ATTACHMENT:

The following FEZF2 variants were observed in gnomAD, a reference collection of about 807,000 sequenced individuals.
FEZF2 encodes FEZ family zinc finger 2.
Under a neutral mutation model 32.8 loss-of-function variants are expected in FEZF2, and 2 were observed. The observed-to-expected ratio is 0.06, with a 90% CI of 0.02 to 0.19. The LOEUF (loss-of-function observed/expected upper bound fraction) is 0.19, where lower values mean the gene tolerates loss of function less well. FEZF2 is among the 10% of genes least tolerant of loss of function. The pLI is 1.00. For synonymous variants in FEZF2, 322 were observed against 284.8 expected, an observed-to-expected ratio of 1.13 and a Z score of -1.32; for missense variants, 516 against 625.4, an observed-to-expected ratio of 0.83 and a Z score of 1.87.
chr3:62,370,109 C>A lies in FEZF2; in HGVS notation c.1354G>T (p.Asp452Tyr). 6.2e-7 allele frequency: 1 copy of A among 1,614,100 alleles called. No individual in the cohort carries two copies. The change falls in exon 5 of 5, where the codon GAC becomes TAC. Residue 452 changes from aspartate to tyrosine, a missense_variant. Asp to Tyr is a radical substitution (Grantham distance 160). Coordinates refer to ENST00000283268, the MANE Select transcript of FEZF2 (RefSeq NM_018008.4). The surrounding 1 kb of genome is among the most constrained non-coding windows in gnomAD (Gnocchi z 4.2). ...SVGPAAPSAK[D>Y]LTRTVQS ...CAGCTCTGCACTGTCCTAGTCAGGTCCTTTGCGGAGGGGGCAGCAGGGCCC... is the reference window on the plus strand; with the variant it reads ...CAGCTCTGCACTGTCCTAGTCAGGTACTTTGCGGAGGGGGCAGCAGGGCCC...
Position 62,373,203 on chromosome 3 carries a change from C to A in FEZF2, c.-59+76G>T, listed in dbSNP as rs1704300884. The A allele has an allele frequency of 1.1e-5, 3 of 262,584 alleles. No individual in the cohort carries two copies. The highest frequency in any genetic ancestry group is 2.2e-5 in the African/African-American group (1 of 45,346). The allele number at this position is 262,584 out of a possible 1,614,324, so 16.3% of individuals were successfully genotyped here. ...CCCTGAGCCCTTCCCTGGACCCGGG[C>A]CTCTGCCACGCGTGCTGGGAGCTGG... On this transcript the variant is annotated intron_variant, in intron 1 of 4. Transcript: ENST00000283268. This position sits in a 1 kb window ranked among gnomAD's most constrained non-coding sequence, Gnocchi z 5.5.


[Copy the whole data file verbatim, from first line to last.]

The following FEZF2 variants were observed in gnomAD, a reference collection of about 807,000 sequenced individuals.
FEZF2 encodes FEZ family zinc finger 2.
Under a neutral mutation model 32.8 loss-of-function variants are expected in FEZF2, and 2 were observed. The observed-to-expected ratio is 0.06, with a 90% CI of 0.02 to 0.19. The LOEUF (loss-of-function observed/expected upper bound fraction) is 0.19, where lower values mean the gene tolerates loss of function less well. FEZF2 is among the 10% of genes least tolerant of loss of function. The pLI is 1.00. For synonymous variants in FEZF2, 322 were observed against 284.8 expected, an observed-to-expected ratio of 1.13 and a Z score of -1.32; for missense variants, 516 against 625.4, an observed-to-expected ratio of 0.83 and a Z score of 1.87.
chr3:62,370,109 C>A lies in FEZF2; in HGVS notation c.1354G>T (p.Asp452Tyr). 6.2e-7 allele frequency: 1 copy of A among 1,614,100 alleles called. No individual in the cohort carries two copies. The change falls in exon 5 of 5, where the codon GAC becomes TAC. Residue 452 changes from aspartate to tyrosine, a missense_variant. Asp to Tyr is a radical substitution (Grantham distance 160). Coordinates refer to ENST00000283268, the MANE Select transcript of FEZF2 (RefSeq NM_018008.4). The surrounding 1 kb of genome is among the most constrained non-coding windows in gnomAD (Gnocchi z 4.2). ...SVGPAAPSAK[D>Y]LTRTVQS ...CAGCTCTGCACTGTCCTAGTCAGGTCCTTTGCGGAGGGGGCAGCAGGGCCC... is the reference window on the plus strand; with the variant it reads ...CAGCTCTGCACTGTCCTAGTCAGGTACTTTGCGGAGGGGGCAGCAGGGCCC...
Position 62,373,203 on chromosome 3 carries a change from C to A in FEZF2, c.-59+76G>T, listed in dbSNP as rs1704300884. The A allele has an allele frequency of 1.1e-5, 3 of 262,584 alleles. No individual in the cohort carries two copies. The highest frequency in any genetic ancestry group is 2.2e-5 in the African/African-American group (1 of 45,346). The allele number at this position is 262,584 out of a possible 1,614,324, so 16.3% of individuals were successfully genotyped here. ...CCCTGAGCCCTTCCCTGGACCCGGG[C>A]CTCTGCCACGCGTGCTGGGAGCTGG... On this transcript the variant is annotated intron_variant, in intron 1 of 4. Transcript: ENST00000283268. This position sits in a 1 kb window ranked among gnomAD's most constrained non-coding sequence, Gnocchi z 5.5.